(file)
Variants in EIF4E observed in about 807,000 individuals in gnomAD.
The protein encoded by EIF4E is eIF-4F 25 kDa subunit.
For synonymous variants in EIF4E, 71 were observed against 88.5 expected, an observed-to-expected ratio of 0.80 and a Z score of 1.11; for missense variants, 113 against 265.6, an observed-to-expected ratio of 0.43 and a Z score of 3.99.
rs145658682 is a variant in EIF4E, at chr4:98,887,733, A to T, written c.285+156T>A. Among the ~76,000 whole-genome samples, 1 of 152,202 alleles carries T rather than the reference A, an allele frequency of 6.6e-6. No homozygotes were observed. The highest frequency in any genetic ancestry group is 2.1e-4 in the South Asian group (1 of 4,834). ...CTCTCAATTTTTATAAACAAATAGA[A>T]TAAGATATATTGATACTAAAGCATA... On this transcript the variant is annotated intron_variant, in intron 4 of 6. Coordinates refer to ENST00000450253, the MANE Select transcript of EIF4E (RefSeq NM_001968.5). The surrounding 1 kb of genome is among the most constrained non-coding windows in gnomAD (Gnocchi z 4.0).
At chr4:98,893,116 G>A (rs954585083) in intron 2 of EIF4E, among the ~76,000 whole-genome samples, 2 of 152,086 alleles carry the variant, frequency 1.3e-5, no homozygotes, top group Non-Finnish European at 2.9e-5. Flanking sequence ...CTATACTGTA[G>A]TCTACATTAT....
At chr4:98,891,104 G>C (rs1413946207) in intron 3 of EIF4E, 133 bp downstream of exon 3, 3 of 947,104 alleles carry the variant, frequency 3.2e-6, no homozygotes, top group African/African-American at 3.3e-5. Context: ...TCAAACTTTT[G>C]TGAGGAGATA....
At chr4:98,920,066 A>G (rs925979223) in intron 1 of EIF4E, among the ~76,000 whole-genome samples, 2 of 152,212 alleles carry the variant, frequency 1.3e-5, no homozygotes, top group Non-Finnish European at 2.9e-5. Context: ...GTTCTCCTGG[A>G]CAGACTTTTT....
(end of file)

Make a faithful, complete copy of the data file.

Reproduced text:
Variants in EIF4E observed in about 807,000 individuals in gnomAD.
The protein encoded by EIF4E is eIF-4F 25 kDa subunit.
For synonymous variants in EIF4E, 71 were observed against 88.5 expected, an observed-to-expected ratio of 0.80 and a Z score of 1.11; for missense variants, 113 against 265.6, an observed-to-expected ratio of 0.43 and a Z score of 3.99.
rs145658682 is a variant in EIF4E, at chr4:98,887,733, A to T, written c.285+156T>A. Among the ~76,000 whole-genome samples, 1 of 152,202 alleles carries T rather than the reference A, an allele frequency of 6.6e-6. No homozygotes were observed. The highest frequency in any genetic ancestry group is 2.1e-4 in the South Asian group (1 of 4,834). ...CTCTCAATTTTTATAAACAAATAGA[A>T]TAAGATATATTGATACTAAAGCATA... On this transcript the variant is annotated intron_variant, in intron 4 of 6. Coordinates refer to ENST00000450253, the MANE Select transcript of EIF4E (RefSeq NM_001968.5). The surrounding 1 kb of genome is among the most constrained non-coding windows in gnomAD (Gnocchi z 4.0).
At chr4:98,893,116 G>A (rs954585083) in intron 2 of EIF4E, among the ~76,000 whole-genome samples, 2 of 152,086 alleles carry the variant, frequency 1.3e-5, no homozygotes, top group Non-Finnish European at 2.9e-5. Flanking sequence ...CTATACTGTA[G>A]TCTACATTAT....
At chr4:98,891,104 G>C (rs1413946207) in intron 3 of EIF4E, 133 bp downstream of exon 3, 3 of 947,104 alleles carry the variant, frequency 3.2e-6, no homozygotes, top group African/African-American at 3.3e-5. Context: ...TCAAACTTTT[G>C]TGAGGAGATA....
At chr4:98,920,066 A>G (rs925979223) in intron 1 of EIF4E, among the ~76,000 whole-genome samples, 2 of 152,212 alleles carry the variant, frequency 1.3e-5, no homozygotes, top group Non-Finnish European at 2.9e-5. Context: ...GTTCTCCTGG[A>G]CAGACTTTTT....